Groupon: Star Tribune wonders if discounts bring loyalty
The Star Tribune continues to revisit the Groupon story; following up on Kara McGuire's relatively puffy column on the topic around the time Groupon launched in the TC last January, Steve Alexander tries to assess its impact on local restaurants:"Will 'net discounts gain loyal diners?" [ARg!!! I cannot seem to find the article anywhere on the Strib--this link on Steve Alexander's page links the article to the home page, but hopefully the Strib web wonks will fix it soon.]
On one hand, Groupon's blast emails get the restaurant's name out in front of thousands of people and can get many coupon buying diners in the restaurant's doors. The big question is this, though: Do restaurants lose too much money on the free food to offset the marketing costs? Even Groupon's director of merchant services admit that converting first-timers to repeat customers is essential to making the coupons a valuable. "You may barely break even on Groupon customers the first time," he says. "But if you bring them back once or twice, you'll get a terrific return."
From Alexander's column, it still seems too early to tell if Groupon is helping or hurting its customers, as coupon buyers have a year to redeem their certificates so we don't yet have all the necessary data. One critical factor in determining Groupon's usefulness is estimating the "breakage" of the coupons--what percent of buyers will never redeem their cards. The owners of Spill the Wine, a Groupon customer, are estimating 30 percent of the coupons they sold won't be redeemed. That number seems a little high to me (it's high for gift cards, but those are gifts--with Groupons, the user paid for the coupon themselves so are more invested in using it), and if it is really that high then a) wow, diners are wasting a lot of money and b) are restaurateurs knowingly exploiting lazy/forgetful consumers?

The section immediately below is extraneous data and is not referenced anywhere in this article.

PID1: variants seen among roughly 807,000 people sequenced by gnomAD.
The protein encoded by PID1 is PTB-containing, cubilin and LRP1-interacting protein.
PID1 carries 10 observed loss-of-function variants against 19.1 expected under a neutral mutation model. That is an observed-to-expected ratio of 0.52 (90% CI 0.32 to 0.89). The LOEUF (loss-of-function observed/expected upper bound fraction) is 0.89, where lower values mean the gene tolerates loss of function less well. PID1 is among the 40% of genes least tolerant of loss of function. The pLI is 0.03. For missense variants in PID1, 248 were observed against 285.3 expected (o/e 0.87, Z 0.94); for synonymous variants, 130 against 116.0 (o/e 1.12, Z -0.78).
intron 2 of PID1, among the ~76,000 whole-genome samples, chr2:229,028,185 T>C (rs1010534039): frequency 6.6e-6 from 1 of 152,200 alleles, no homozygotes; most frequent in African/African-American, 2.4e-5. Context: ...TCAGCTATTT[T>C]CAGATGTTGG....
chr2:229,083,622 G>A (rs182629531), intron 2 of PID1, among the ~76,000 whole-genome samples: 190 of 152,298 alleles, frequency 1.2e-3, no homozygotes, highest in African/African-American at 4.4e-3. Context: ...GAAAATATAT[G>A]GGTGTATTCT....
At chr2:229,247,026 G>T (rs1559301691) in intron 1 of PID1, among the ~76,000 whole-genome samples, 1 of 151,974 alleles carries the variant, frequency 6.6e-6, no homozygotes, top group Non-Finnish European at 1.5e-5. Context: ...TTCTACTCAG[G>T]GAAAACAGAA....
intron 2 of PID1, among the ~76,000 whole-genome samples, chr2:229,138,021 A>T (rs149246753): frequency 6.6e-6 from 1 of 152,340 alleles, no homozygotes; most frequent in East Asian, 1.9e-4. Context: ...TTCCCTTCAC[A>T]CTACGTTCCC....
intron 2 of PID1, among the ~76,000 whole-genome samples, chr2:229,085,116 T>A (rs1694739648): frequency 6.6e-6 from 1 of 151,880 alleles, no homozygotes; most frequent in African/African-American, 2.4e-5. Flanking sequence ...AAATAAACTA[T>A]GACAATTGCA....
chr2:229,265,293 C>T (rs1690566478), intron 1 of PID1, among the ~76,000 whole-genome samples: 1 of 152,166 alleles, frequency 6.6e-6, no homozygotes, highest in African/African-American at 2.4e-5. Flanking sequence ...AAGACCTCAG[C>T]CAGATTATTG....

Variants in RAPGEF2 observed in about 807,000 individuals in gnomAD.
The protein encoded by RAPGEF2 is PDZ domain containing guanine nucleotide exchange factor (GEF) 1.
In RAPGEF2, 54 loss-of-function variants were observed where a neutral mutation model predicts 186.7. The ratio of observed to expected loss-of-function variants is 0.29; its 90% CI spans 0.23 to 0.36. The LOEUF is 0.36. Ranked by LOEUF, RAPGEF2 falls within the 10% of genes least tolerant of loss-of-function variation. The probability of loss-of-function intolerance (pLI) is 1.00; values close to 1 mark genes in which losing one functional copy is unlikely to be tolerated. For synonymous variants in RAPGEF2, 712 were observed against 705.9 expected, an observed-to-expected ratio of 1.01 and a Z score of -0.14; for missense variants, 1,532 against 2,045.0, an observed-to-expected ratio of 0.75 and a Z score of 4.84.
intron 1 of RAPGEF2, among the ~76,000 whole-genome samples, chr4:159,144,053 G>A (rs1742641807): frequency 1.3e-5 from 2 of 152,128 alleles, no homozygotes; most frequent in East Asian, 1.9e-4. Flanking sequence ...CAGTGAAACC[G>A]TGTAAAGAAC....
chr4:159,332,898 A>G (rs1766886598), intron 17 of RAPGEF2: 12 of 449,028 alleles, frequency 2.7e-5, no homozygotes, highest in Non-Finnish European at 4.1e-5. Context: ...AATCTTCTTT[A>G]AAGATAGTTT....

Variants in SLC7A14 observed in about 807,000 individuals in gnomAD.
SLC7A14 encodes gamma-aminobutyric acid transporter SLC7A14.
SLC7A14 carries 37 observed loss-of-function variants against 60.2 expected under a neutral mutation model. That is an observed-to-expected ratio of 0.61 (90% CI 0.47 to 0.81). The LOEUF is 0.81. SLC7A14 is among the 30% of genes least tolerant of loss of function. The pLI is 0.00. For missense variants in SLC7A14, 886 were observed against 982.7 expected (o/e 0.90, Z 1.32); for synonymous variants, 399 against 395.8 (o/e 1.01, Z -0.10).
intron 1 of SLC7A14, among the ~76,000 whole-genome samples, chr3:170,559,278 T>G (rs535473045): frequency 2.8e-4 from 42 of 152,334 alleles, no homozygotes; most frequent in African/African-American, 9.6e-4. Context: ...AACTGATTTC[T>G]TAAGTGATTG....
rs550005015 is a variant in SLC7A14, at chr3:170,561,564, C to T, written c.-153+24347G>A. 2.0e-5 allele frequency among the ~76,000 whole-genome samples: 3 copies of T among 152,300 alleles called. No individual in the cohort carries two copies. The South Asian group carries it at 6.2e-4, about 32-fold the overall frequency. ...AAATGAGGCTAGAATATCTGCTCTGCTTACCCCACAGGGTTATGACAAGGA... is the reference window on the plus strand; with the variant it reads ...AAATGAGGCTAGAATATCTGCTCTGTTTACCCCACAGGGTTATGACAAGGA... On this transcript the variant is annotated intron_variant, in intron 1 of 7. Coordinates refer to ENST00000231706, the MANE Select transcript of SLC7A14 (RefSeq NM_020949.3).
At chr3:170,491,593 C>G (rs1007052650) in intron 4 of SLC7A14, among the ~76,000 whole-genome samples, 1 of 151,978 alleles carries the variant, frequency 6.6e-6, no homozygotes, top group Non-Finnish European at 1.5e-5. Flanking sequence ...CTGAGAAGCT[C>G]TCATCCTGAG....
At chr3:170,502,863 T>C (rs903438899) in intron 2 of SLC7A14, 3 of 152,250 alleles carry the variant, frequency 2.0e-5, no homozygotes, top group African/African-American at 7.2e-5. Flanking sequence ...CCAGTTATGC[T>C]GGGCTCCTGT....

Another critical factor is how much Groupon users spend beyond their coupon either in a single or repeat visit. In the Strib article, Lenny Russo of Heartland suggests that even if a Groupon user buys 60% more food/drink beyond the value of the coupon, it won't be enough to make up for the loss on the coupon. Groupon vaguely alludes to "surveys of restaurants and customers" that indicate as many as 90% of Groupon users can converted to "regular" customers, but there's no data offered as far as how many restaurants were surveyed and what "regular" means.
That question depends on consumer loyalty: Will Groupon users return to a restaurant without a coupon, or will they just flit from coupon-offering restaurant to coupon-offering restaurant? Groupon says they won't--all of the other variables I'm still uncertain about, but this one I have to patently disagree. "We present Groupon as a way to find fun stuff, not a way to get cheap stuff," the director of merchant services says. Seriously? Are you kidding? There's a reason Groupon discounts aren't just 10 or 20 percent: nobody would bother to buy them.
One thing that is certain: Groupon is making bank. McGuire's column stated that the company was on track to make $100 million in revenue in 2009 and has been profitable since lat June, which helped it secure lots of VC, to the tune of $35 million, much of which is from Facebook's angel investor.
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